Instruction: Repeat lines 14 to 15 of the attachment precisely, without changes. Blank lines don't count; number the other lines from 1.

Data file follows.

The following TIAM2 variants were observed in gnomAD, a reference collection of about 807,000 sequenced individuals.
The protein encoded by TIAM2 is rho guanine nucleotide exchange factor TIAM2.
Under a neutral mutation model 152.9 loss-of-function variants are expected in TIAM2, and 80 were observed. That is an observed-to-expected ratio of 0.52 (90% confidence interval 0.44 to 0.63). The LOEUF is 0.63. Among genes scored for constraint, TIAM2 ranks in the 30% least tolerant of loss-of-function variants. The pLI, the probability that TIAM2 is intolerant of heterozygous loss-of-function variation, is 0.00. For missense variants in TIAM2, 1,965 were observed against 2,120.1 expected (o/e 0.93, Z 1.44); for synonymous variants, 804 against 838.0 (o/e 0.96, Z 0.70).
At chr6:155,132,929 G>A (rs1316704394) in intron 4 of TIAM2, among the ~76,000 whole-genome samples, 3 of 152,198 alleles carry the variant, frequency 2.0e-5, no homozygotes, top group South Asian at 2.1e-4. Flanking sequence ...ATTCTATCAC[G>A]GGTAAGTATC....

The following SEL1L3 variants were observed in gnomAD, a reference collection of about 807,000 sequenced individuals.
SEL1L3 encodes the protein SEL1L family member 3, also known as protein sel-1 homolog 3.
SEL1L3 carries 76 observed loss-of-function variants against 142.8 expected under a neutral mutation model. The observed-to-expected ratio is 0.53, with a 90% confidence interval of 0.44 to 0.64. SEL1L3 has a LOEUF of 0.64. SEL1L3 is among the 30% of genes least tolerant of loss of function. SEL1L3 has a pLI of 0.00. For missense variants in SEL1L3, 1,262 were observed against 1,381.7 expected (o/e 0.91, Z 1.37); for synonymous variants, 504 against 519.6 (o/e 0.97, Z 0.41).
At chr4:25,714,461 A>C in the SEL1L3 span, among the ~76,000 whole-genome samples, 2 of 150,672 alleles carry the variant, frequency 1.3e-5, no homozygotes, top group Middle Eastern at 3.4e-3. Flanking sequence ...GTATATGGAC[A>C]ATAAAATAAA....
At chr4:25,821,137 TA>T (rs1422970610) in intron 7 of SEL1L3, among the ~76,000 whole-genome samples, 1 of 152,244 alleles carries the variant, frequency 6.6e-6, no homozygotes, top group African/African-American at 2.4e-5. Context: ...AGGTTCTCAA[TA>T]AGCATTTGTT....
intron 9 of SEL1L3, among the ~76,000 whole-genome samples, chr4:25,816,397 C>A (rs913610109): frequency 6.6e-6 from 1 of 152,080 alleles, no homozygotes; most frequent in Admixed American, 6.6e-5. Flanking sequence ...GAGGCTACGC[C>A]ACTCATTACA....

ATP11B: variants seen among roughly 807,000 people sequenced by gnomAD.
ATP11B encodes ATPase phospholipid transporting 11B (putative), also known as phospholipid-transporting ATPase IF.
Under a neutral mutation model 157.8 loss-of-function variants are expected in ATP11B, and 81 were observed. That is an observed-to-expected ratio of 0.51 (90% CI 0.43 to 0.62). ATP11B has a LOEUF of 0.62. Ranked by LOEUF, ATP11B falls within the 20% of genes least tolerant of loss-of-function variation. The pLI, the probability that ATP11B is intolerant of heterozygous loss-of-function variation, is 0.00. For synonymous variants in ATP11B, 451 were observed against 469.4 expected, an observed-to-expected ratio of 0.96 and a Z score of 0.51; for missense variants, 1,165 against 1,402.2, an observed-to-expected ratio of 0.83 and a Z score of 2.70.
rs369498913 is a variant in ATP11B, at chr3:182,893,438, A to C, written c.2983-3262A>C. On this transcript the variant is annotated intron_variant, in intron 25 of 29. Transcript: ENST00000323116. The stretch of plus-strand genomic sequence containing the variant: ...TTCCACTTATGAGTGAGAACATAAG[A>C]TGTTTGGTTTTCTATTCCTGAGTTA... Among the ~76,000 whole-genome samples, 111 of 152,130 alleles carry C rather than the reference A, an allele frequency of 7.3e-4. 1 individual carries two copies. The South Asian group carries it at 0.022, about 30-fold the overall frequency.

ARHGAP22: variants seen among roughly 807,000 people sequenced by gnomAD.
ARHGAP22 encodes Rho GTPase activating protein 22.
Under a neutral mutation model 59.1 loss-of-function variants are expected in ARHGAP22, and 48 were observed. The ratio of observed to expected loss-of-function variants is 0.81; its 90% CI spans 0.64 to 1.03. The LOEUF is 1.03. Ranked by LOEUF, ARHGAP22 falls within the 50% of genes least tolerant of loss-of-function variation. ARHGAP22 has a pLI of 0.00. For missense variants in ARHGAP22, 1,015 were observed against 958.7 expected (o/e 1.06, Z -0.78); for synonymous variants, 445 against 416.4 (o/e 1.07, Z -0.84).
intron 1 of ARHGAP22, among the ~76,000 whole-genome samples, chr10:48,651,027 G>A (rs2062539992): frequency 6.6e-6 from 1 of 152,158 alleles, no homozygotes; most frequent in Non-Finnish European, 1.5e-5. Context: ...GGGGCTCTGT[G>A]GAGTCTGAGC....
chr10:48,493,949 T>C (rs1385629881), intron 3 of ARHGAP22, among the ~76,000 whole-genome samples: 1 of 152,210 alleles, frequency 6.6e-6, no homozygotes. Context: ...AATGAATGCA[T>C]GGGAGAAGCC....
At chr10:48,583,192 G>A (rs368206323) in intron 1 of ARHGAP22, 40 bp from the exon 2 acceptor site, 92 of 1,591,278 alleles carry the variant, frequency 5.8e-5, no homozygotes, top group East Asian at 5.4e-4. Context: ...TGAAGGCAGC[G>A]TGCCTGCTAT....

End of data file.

rs369498913 is a variant in ATP11B, at chr3:182,893,438, A to C, written c.2983-3262A>C. On this transcript the variant is annotated intron_variant, in intron 25 of 29. Transcript: ENST00000323116. The stretch of plus-strand genomic sequence containing the variant: ...TTCCACTTATGAGTGAGAACATAAG[A>C]TGTTTGGTTTTCTATTCCTGAGTTA... Among the ~76,000 whole-genome samples, 111 of 152,130 alleles carry C rather than the reference A, an allele frequency of 7.3e-4. 1 individual carries two copies. The South Asian group carries it at 0.022, about 30-fold the overall frequency.

ARHGAP22: variants seen among roughly 807,000 people sequenced by gnomAD.